Secretary for Development speaks about Hopewell Centre II
Following is the transcript of the Secretary for Development, Mrs Carrie Lam, speaking to the media about the Hopewell Centre II project at the Legislative Council today (November 19):
Reporter: You said that the revised scheme was under Class A amendments. Could you further explain that?
Secretary for Development: I was responding to a question on whether the significantly revised and reduced Hopewell Centre II project would require Town Planning Board’s approval again. There is a standing provision in the Town Planning Ordinance which is supplemented by very detailed guidelines. If the changes proposed by the developer to an approved scheme are what they called Class A amendments, then there is no need to go back to the Town Planning Board. And by and large, the Class A amendments are those amendments which reduce the size of the project, reduce the height of the project and so and so on. So, preliminary checking by my Planning Department colleagues suggested that all those changes that the Hopewell has proposed are probably Class A amendments. But why I was saying that we were checking with the lawyers is because we have never seen such an extent of reduction. So, we have to go back to the spirit and the underlying rationale for that particular provision and for the definition of the Class A amendments to be very sure about there is no need to go back to the Town Planning Board. Because these days, we need to be legally safe because people who dislike the project, they still do legal challenges that they prefer. So, on procedure side, we are on very conservative side. We would try to make sure that everything is okay.
Reporter: The revised project (inaudible)
Secretary for Development: Traffic is not my expertise. As you know, traffic comes under the Transport Department. The Transport Department has vetted the previous traffic impact assessment based on the 1994 scheme and they have asked a series of questions. What the developers are now doing are to present different sets of traffic data and to justify why this reduced traffic flow together with the road improvement work that Hopewell is going to put into the project will solve the problem. Preliminary data that I have seen suggested that they should be able to cope with the additional traffic generated by this reduced development. This is really a process for the Transport Department. As far as the Development Bureau is concerned, my job is really to ensure that Hong Kong could move ahead with both the public sector and private sector investments especially at this point in time when we do need the economic stimulus and the creation of jobs. So, after more than half a year’s work, the discussion with the developer, I do feel that this is a scheme that I would recommend to the community for support, not only because in respect of the developer’s right to develop but also a good balance in terms of having significantly reduced the height and the density that help to rejuvenate a rather dilapidated area that has been lying idle for over 20, 30 years, let alone also the additional open space, 5,880 square metres, the additional hotel rooms and conference facilities that will enhance Hong Kong’s status as the centre for MICE (Meetings, Incentives, Conventions and Exhibitions). And also very dear to my heart, the preservation of this Grade I historic building, the Nam Koo Terrace. Thank you very much.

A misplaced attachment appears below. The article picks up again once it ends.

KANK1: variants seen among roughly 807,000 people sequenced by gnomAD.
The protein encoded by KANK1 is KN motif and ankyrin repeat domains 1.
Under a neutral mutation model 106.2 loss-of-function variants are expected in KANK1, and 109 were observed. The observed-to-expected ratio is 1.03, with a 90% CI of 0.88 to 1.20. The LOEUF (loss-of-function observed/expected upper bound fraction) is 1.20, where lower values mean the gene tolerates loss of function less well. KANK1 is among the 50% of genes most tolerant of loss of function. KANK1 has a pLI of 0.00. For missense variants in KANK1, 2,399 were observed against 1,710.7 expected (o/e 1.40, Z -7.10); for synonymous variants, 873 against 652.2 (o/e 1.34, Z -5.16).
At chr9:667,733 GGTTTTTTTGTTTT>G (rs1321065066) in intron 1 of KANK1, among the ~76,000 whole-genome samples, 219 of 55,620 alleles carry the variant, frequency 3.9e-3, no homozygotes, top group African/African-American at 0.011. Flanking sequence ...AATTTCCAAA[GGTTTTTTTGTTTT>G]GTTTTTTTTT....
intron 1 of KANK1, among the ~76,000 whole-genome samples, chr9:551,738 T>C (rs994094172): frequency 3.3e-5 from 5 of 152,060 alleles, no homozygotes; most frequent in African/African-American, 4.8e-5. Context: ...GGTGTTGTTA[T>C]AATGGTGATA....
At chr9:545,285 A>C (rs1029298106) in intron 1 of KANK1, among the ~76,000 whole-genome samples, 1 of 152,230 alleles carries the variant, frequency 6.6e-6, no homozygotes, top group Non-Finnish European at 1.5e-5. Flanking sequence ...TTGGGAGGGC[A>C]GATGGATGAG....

(Please also refer to the Chinese portion of the transcript.)
Ends/Wednesday, November 19, 2008
Issued at HKT 18:16